Tea is a fun thing to use in soap in place of the water when making the lye mixture because it’s a chance to play with color. Most teas will turn soap some shade of tan/brown, but sassafras tea turns soap red or purple. Sassafras tea is a reddish color and does lend that color to soap.
Green teas, however, won’t turn your soap green. I’m not sure if this is a difference between leaf teas and root teas, but it just is. I haven’t tried a lot of different teas yet, but if you find a leaf tea that doesn’t turn soap tan/brown, let me know!
To use tea in soap, use it just as you would water, replacing it in any recipe in the amount specified for the water.
The color play comes in with the temperature of the tea at the point when you mix it with the lye. Like milk, tea will turn soap darker. Milk is used at an icy/slushy temp to keep the soap from being too dark, but you could also try fridge-cold or room temperature to get different degrees of color. With the sassafras soap, I found that room temperature tea would turn the soap a deep purple and fridge-cold sassafras tea turns the soap more of a reddish-brown.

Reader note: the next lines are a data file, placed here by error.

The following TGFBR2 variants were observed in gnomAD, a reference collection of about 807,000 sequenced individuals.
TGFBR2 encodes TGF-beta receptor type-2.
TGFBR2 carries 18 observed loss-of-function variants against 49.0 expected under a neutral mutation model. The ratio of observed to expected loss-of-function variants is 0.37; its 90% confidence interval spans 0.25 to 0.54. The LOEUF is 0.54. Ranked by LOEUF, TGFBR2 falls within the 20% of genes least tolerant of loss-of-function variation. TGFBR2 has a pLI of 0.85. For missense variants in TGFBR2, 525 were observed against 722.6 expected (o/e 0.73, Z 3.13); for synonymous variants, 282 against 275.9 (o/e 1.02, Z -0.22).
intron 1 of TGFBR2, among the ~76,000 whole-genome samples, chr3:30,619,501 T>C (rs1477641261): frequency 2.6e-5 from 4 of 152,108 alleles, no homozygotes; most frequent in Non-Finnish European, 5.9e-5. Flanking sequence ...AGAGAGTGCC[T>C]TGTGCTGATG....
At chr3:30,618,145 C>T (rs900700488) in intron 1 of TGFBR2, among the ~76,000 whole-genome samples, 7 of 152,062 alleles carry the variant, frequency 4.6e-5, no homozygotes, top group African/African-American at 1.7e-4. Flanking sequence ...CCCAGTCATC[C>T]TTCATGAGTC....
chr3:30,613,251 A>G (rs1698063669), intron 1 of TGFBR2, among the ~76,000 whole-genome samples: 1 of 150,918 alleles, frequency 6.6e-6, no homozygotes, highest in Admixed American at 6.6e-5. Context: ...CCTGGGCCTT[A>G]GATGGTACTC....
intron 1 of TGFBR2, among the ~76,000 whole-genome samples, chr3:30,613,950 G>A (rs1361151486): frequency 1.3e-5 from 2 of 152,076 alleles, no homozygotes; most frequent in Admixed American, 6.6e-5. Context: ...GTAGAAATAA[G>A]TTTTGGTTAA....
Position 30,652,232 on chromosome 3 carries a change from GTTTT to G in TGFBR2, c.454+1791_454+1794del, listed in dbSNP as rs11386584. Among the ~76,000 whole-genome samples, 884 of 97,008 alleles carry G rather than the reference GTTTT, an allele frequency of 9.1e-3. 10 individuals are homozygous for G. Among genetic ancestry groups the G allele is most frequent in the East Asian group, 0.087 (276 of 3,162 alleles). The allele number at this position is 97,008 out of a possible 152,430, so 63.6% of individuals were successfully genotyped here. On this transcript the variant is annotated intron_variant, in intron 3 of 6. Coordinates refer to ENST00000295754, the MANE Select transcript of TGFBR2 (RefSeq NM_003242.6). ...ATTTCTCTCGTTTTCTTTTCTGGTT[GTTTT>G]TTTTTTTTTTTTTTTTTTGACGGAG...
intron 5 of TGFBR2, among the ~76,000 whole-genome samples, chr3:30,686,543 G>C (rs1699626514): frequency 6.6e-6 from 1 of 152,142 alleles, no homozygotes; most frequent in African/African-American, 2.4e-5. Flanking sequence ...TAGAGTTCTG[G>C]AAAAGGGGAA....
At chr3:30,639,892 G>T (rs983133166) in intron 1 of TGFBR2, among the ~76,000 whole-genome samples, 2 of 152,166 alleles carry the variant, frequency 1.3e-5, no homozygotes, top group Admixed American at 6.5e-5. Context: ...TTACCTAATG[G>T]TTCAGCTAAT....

Left–room temp, right–fridge-cold.
I like the deep purple, so other than one small test batch at fridge-cold, I’ve been making all my sassafras tea soap with room temperature tea.
If I made the sassafras tea icy/slushy, it would probably be an even lighter reddish color, but since I love the deep purple so much, I haven’t tried that.
Loving the purple.
A few days ago, I made a wild mint tea with fresh wild mint leaves harvested on my farm. I put the tea in the fridge to mix it fridge-cold with the lye, and yesterday I made soap. If I’d used room temperature wild mint tea, the soap would have been darker, I’m sure. At fridge-cold, it came out a medium tan. It would likely be even lighter if I made the tea icy/slushy.
Before putting the soap in the mold, I mixed in some dried wild mint, sugar, and a couple tablespoons of local honey. Wild Mint & Honey Soap!
The natural color that comes from using tea (or milk) isn’t bad. In fact, I think it’s beautifully rustic, primitive, and charming, and playing with the temperature to adjust the depth of that color just makes it that much more interesting!
(You can find my Wild Mint & Honey Soap in my Farm Store if you like.)